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Gmail Atom Feed Coming? - InternetNews.
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Gmail Atom Feed Coming?

It looks like Google is set to roll out some new Gmail features, one of which is support for the Atom syndication format.

The company added a button to some Gmail accounts Monday that clicks through to an Atom feed, although aggregators did not recognize it. However, the button does provide a glimpse into Google's plans for feed syndication.

Company officials did not return calls for comment but, at first glance, it looks like Gmail users will be able to set up and receive e-mail alerts on feed aggregators. The Atom feed is designed to display the subject line, the e-mail address of the sender and a brief summary of the e-mail message.

The feed could potentially be used by Google to shuttle text ads from its AdSense program to aggregators in much the same way advertisements are displayed on Gmail.

The company has also added new power searching tools for some Gmail users, a strong hint that a general launch is just days away.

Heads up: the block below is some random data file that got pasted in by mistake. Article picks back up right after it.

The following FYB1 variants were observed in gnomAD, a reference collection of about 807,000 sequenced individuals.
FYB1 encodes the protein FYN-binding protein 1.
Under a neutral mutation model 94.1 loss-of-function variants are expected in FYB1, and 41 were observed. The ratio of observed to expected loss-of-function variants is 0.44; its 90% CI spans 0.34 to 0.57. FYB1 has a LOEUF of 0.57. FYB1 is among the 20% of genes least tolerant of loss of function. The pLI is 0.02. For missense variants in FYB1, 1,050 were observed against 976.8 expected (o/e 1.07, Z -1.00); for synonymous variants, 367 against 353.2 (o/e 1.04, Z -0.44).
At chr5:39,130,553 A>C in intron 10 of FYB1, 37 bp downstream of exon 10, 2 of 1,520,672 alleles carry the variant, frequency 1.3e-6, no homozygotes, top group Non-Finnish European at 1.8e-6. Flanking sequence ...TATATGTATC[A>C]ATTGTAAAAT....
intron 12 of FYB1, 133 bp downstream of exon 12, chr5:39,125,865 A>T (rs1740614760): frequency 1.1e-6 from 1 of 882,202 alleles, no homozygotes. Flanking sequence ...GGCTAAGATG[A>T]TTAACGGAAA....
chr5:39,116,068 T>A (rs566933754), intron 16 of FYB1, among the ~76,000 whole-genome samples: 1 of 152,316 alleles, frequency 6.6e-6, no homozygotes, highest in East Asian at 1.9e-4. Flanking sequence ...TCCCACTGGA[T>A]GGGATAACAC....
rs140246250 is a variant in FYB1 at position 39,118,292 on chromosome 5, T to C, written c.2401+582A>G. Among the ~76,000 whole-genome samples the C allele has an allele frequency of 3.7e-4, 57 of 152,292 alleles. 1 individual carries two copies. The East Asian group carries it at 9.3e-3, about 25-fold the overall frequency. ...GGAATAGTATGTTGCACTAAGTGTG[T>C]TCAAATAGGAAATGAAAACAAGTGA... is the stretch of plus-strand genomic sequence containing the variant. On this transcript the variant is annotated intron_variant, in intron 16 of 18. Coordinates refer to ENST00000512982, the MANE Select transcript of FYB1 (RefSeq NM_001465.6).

The Atom syndication format, which is best described as an alternative flavor of RSS , was created by developers from Google, IBM and a host of blog tools vendors.

Google, through its Blogger service, later ditched RSS in favor of Atom, leading to controversy among software developers who argued that two competing formats would scare away mainstream adoption of the fledgling technology.

In March this year, co-author of the popular RSS format Dave Winer, made a public proposal to merge Atom and RSS into a single protocol.

"We could come up with a new format called, say, RSS/Atom. It would have the great spec that the Atom people are promising. A great validator, and lots of support from developers who evangelize the format," Winer said at the time.

Separately, Google has moved the location of AdSense ads on the Gmail service from the side of the messages to the bottom of the page.

The company also added advertisements to the e-mails in the Sent folder and changed the color display to embed the ads on a visible blue-shaded background.

Gmail, which is still in beta, is an invite-only e-mail service that offers 1000 MB of storage space.